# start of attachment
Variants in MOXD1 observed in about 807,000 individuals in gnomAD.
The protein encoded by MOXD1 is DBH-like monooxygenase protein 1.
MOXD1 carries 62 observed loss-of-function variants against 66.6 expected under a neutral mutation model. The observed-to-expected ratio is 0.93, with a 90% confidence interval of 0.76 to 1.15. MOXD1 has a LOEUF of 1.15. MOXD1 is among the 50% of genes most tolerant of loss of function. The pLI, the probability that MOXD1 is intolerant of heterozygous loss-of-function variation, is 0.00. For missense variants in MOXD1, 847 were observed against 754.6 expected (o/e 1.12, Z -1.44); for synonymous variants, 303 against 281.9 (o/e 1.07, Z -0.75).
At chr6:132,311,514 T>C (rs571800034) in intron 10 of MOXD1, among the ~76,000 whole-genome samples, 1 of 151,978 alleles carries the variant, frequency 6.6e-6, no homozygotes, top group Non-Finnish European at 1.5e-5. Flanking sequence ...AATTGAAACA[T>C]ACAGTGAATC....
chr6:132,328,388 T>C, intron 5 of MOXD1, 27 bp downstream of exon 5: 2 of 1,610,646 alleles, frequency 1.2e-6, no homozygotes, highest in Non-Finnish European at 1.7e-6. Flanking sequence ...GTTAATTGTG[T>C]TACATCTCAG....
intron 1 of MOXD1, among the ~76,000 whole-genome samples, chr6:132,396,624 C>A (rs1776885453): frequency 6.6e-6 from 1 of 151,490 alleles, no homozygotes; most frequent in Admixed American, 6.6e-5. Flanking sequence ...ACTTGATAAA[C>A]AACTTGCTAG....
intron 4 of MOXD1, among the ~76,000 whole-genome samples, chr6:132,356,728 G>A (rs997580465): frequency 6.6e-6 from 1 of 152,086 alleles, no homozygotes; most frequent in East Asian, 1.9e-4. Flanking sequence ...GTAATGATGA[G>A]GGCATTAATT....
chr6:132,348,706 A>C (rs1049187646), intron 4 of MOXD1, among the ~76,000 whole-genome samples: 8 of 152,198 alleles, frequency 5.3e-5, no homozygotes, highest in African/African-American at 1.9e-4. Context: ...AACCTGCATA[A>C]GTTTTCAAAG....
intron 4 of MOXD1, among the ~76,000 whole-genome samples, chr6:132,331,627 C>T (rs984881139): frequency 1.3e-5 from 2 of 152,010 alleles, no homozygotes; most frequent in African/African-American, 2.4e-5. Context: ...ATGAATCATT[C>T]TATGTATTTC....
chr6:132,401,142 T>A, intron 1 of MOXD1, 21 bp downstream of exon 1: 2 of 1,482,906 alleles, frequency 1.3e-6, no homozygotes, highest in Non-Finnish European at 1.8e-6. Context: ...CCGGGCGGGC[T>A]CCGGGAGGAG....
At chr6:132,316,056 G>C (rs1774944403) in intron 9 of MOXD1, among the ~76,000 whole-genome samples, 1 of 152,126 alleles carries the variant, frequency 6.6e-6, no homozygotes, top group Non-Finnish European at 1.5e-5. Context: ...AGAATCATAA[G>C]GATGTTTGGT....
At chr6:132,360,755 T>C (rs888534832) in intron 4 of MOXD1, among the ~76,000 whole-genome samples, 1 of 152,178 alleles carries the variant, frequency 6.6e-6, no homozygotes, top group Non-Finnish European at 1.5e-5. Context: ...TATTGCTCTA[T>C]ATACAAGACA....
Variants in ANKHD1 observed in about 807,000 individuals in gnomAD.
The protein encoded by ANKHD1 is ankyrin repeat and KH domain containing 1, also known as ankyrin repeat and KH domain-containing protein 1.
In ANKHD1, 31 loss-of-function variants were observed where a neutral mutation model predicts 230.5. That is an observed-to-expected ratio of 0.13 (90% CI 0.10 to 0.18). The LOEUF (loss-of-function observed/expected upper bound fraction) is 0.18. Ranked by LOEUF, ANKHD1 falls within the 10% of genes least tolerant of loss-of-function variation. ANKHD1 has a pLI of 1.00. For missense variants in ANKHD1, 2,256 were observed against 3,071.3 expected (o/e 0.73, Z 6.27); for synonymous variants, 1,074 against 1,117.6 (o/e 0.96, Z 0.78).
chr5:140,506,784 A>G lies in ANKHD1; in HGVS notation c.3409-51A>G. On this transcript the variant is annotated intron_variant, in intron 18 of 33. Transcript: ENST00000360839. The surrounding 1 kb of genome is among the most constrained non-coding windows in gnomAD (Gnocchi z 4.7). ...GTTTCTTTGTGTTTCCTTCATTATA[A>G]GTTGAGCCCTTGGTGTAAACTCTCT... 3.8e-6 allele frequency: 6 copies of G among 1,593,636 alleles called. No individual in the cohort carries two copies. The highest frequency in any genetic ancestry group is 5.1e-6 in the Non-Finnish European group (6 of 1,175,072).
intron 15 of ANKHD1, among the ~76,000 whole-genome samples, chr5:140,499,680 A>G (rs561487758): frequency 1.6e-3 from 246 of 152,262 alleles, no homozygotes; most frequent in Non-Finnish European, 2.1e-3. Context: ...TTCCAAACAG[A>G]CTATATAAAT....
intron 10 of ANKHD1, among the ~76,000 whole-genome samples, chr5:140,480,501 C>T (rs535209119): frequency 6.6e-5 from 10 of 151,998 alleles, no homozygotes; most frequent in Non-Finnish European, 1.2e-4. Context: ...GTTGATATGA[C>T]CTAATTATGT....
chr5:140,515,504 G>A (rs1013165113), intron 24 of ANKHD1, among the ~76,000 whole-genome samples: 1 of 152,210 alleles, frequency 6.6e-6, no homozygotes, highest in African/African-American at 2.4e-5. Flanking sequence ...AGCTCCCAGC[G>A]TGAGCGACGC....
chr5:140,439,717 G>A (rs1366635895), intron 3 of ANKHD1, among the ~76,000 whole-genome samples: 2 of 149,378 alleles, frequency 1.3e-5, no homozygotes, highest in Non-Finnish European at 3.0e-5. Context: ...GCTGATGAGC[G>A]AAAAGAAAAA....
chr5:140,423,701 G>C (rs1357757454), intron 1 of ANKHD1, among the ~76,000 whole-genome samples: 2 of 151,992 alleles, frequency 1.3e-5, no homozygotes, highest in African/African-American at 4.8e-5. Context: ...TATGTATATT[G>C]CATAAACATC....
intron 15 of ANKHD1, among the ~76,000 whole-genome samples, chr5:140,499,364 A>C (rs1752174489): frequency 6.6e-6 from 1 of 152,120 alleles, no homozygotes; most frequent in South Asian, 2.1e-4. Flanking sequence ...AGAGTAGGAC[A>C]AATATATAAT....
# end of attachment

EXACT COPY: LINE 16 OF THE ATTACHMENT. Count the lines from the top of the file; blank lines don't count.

chr5:140,506,784 A>G lies in ANKHD1; in HGVS notation c.3409-51A>G. On this transcript the variant is annotated intron_variant, in intron 18 of 33. Transcript: ENST00000360839. The surrounding 1 kb of genome is among the most constrained non-coding windows in gnomAD (Gnocchi z 4.7). ...GTTTCTTTGTGTTTCCTTCATTATA[A>G]GTTGAGCCCTTGGTGTAAACTCTCT... 3.8e-6 allele frequency: 6 copies of G among 1,593,636 alleles called. No individual in the cohort carries two copies. The highest frequency in any genetic ancestry group is 5.1e-6 in the Non-Finnish European group (6 of 1,175,072).